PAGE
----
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Review of Who Shot the Water Buffalo?

May 8, 2011

Who Shot the Water Buffalo?: A NovelWho Shot the Water Buffalo?: A Novel by Ken Babbs
My rating: 5 of 5 stars

I’ve read several books about the Vietnam War. All of them were serious accounts of the screwed up military conflict that left the United States humbled. I loved Philip Caputo’s A Rumor of War, Larry Heinemann’s Black Virgin Mountain, and more recently Karl Marlantes‘ Matterhorn.
Not surprisingly, Merry Prankster Ken Babbs’ new book, Who Shot the Water Buffalo?, has an entirely different take on the war. WSTWB is what you would hope for from someone who was best friends with Ken Kesey and became famous for his LSD antics, the Further bus trip and Grateful Dead associations. Of course it’s irreverent, but it’s also smart, insightful and poignant. Of all the books I’ve read, none so expertly captures the absurdity of the Vietnam War as does WSTWB. And since Babbs served as a helicopter pilot in Vietnam in the early sixties, he’s writing what he knows. He wrote this novel while he served then shelved it for 45 years. It’s been reworked and refreshed and is his debut novel.
It chronicles two Marine Corps officers who meet in helicopter flight school and become best buddies. Lieutenant Tom Huckelbee, a “wiry” guy from Texas, and Lieutenant Mike Cochran, a “loquacious son of an Ohio gangster,” are training to fly helicopters because “helly chopters don’ carry no Fat Man” referring to the fact that they don’t carry A-bombs or any bombs at all. They soon find themselves in the middle of a hot, humid mud-fest in South Vietnam where VC are trying to kill them, dysentery is wreaking havoc with their bowels and the mind-blowing rules and regulations of the military are trying to break their spirit. The job of the pistol-packing pilots is to fly supply sorties to outposts which turns out to be as grueling as any hand-to-hand combat duty could be. Chopper duty means endless hours of flying into pea-soup fog through jungle mountains with snipers down below turning pedestrian supply runs into harrowing undertakings at times. It also means getting shot down and having your buddies die in front of you.
Even with all the drama, there is no shortage of irreverent and funny moments shared by Huckelbee, Cochran and the rest of their squadron. That’s especially true when they escape to Tokyo where getting drunk and laid is de rigueur. It’s “R and R. Rest and relaxation. Rehabilitation and Reclamation. Romping and Ratfucking. A necessity for hot-shot pilots burning themselves out on the steady diet of “Fly and drink and to hell with the Victor Charley” attitude we ‘Mericans so easily develop in the tropics.” They also pull off some pressure-relieving “M*A*S*H-like” base pranks.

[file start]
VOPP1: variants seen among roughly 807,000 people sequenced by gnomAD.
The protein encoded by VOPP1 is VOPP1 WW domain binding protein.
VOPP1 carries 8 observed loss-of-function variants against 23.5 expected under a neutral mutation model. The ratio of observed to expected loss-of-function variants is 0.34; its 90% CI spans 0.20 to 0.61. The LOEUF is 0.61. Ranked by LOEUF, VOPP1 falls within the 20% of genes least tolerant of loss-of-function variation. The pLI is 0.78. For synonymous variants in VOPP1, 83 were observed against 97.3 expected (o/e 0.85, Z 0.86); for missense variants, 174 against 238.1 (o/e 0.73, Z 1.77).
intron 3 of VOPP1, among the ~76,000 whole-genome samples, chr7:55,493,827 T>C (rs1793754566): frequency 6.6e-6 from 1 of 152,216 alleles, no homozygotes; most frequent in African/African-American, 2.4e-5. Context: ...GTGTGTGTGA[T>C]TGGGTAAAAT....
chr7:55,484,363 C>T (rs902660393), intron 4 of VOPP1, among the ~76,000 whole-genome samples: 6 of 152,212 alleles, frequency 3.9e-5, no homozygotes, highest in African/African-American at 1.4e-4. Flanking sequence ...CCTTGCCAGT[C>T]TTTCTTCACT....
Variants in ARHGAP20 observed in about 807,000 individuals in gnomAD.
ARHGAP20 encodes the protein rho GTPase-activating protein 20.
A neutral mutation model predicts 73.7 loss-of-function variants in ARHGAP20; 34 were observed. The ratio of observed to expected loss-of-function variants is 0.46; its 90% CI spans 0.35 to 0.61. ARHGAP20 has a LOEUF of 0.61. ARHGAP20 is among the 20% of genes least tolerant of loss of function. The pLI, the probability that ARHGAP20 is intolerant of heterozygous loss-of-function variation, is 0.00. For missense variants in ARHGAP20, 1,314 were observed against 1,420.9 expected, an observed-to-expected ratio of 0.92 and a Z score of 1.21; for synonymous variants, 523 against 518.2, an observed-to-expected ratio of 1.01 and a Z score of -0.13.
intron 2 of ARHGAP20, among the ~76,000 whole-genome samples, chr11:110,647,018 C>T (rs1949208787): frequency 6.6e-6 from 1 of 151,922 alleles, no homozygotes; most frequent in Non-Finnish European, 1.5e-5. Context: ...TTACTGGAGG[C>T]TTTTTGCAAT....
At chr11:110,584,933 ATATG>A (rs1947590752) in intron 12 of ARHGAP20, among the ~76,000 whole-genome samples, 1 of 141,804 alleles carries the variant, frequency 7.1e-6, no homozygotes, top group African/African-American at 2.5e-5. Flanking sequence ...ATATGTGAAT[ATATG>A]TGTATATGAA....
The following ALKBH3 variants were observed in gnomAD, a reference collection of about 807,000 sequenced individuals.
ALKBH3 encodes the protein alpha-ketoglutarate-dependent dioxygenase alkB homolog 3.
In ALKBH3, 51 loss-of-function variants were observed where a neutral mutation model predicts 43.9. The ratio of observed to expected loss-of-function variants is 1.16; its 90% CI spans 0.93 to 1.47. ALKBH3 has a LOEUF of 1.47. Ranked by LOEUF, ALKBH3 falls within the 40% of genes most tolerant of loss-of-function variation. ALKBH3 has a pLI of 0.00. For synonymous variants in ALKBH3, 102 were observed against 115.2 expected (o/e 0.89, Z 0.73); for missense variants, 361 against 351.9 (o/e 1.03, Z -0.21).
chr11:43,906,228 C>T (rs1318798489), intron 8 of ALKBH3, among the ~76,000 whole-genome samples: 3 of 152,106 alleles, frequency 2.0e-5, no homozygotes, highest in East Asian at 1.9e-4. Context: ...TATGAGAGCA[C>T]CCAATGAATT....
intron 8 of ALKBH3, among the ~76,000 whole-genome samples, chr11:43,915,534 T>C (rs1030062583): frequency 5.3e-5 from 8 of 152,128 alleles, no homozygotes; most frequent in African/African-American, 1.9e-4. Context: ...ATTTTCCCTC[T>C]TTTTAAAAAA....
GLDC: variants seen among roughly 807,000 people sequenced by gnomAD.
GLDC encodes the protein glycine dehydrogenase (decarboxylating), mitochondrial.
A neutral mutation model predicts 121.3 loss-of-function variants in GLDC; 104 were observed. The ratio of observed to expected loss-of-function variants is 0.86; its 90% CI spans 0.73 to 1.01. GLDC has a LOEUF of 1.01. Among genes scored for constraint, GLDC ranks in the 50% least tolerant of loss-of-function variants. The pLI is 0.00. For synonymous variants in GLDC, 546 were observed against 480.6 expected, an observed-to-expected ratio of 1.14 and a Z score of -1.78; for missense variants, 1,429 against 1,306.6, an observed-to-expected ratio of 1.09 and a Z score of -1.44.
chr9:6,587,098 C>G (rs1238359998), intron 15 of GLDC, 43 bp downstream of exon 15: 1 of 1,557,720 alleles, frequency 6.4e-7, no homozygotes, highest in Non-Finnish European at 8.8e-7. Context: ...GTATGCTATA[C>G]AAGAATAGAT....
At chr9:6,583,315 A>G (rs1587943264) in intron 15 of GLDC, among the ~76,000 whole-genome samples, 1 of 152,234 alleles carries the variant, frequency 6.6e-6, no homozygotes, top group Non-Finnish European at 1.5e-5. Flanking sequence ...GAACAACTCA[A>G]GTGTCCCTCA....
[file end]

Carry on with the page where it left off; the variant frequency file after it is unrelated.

Each chapter opens with free association dream-like prose directed at “doc” that channels Allen Ginsberg’s Howl. Huckelbee chant-raps stream-of-consciousness revelations after he suffers a shoulder wound. “Some water, Doc…a nice cool drink…that’s the ticket…abolish all fever spots…empty the ice machine…raindrops falling on my head…sweet balm of rapture…fly me to the moon, Doc…I need a reprieve…Cochran is a maniac…we fly eleven hours on a massive troop lift, he never turns loose the controls…with the bit in his teeth, he’s a horse not a gorilla…we refuel at a dirt strip with big black gas bladders filling us up…choppers gulping gas, three at a time…rotors shut down but engines running…we’re full up…bird in front of us still refueling…Cochran curses, what’s the fucking holdup…engages rotors, twists on turns, pulls the collective up and lifts off.” The staccato rhythm of this free-flowing verse perfectly mimics the sounds of machine guns strafing the jungles below. It’s wonderful to read out loud.
Who Shot the Water Buffalo? is an important addition to the rest of the books that chronicle the Vietnam War and the sixties. Its influences are many ranging from the Beat Generation’s Jack Kerouac with the sex, drugs, politics and On the Road quality combined with the crazy Gonzo journalism style of Hunter S. Thompson. Who Shot the Water Buffalo? is both historical and nostalgic and is fresh and singular in its voice. Bravo Babbs!

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